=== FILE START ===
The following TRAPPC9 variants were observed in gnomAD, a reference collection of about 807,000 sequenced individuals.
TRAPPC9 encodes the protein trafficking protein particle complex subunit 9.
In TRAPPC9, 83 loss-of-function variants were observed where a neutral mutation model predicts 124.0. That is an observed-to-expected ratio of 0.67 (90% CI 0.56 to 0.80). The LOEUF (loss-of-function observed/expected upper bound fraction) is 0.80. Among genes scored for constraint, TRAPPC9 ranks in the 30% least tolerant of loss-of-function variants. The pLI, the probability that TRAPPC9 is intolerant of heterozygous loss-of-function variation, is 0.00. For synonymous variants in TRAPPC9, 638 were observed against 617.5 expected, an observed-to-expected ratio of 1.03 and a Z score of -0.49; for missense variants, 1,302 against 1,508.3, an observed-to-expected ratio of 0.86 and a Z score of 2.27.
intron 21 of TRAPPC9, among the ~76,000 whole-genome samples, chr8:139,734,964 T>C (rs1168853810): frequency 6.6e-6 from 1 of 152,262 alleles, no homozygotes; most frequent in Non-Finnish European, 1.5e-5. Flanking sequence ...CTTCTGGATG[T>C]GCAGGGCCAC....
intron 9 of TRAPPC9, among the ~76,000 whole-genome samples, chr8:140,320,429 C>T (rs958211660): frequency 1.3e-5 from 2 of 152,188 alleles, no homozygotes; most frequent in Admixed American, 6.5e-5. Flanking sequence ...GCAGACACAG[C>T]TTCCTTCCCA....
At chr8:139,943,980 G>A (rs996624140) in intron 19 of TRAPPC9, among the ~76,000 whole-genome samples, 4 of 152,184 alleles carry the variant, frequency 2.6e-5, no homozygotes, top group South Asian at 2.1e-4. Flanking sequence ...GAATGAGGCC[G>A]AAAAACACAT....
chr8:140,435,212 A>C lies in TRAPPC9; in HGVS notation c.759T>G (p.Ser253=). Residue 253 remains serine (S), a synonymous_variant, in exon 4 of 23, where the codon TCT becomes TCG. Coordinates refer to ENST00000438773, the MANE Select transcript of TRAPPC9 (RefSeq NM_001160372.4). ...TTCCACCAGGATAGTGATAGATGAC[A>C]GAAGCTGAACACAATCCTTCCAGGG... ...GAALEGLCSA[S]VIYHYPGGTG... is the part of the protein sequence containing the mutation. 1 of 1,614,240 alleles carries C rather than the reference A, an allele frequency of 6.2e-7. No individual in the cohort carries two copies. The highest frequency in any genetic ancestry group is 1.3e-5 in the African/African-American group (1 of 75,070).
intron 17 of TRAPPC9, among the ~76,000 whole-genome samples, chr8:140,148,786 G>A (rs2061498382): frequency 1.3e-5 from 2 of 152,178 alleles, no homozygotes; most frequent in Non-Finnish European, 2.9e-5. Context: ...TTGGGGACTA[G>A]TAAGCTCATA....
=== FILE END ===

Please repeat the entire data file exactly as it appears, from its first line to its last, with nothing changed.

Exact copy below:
The following TRAPPC9 variants were observed in gnomAD, a reference collection of about 807,000 sequenced individuals.
TRAPPC9 encodes the protein trafficking protein particle complex subunit 9.
In TRAPPC9, 83 loss-of-function variants were observed where a neutral mutation model predicts 124.0. That is an observed-to-expected ratio of 0.67 (90% CI 0.56 to 0.80). The LOEUF (loss-of-function observed/expected upper bound fraction) is 0.80. Among genes scored for constraint, TRAPPC9 ranks in the 30% least tolerant of loss-of-function variants. The pLI, the probability that TRAPPC9 is intolerant of heterozygous loss-of-function variation, is 0.00. For synonymous variants in TRAPPC9, 638 were observed against 617.5 expected, an observed-to-expected ratio of 1.03 and a Z score of -0.49; for missense variants, 1,302 against 1,508.3, an observed-to-expected ratio of 0.86 and a Z score of 2.27.
intron 21 of TRAPPC9, among the ~76,000 whole-genome samples, chr8:139,734,964 T>C (rs1168853810): frequency 6.6e-6 from 1 of 152,262 alleles, no homozygotes; most frequent in Non-Finnish European, 1.5e-5. Flanking sequence ...CTTCTGGATG[T>C]GCAGGGCCAC....
intron 9 of TRAPPC9, among the ~76,000 whole-genome samples, chr8:140,320,429 C>T (rs958211660): frequency 1.3e-5 from 2 of 152,188 alleles, no homozygotes; most frequent in Admixed American, 6.5e-5. Flanking sequence ...GCAGACACAG[C>T]TTCCTTCCCA....
At chr8:139,943,980 G>A (rs996624140) in intron 19 of TRAPPC9, among the ~76,000 whole-genome samples, 4 of 152,184 alleles carry the variant, frequency 2.6e-5, no homozygotes, top group South Asian at 2.1e-4. Flanking sequence ...GAATGAGGCC[G>A]AAAAACACAT....
chr8:140,435,212 A>C lies in TRAPPC9; in HGVS notation c.759T>G (p.Ser253=). Residue 253 remains serine (S), a synonymous_variant, in exon 4 of 23, where the codon TCT becomes TCG. Coordinates refer to ENST00000438773, the MANE Select transcript of TRAPPC9 (RefSeq NM_001160372.4). ...TTCCACCAGGATAGTGATAGATGAC[A>C]GAAGCTGAACACAATCCTTCCAGGG... ...GAALEGLCSA[S]VIYHYPGGTG... is the part of the protein sequence containing the mutation. 1 of 1,614,240 alleles carries C rather than the reference A, an allele frequency of 6.2e-7. No individual in the cohort carries two copies. The highest frequency in any genetic ancestry group is 1.3e-5 in the African/African-American group (1 of 75,070).
intron 17 of TRAPPC9, among the ~76,000 whole-genome samples, chr8:140,148,786 G>A (rs2061498382): frequency 1.3e-5 from 2 of 152,178 alleles, no homozygotes; most frequent in Non-Finnish European, 2.9e-5. Context: ...TTGGGGACTA[G>A]TAAGCTCATA....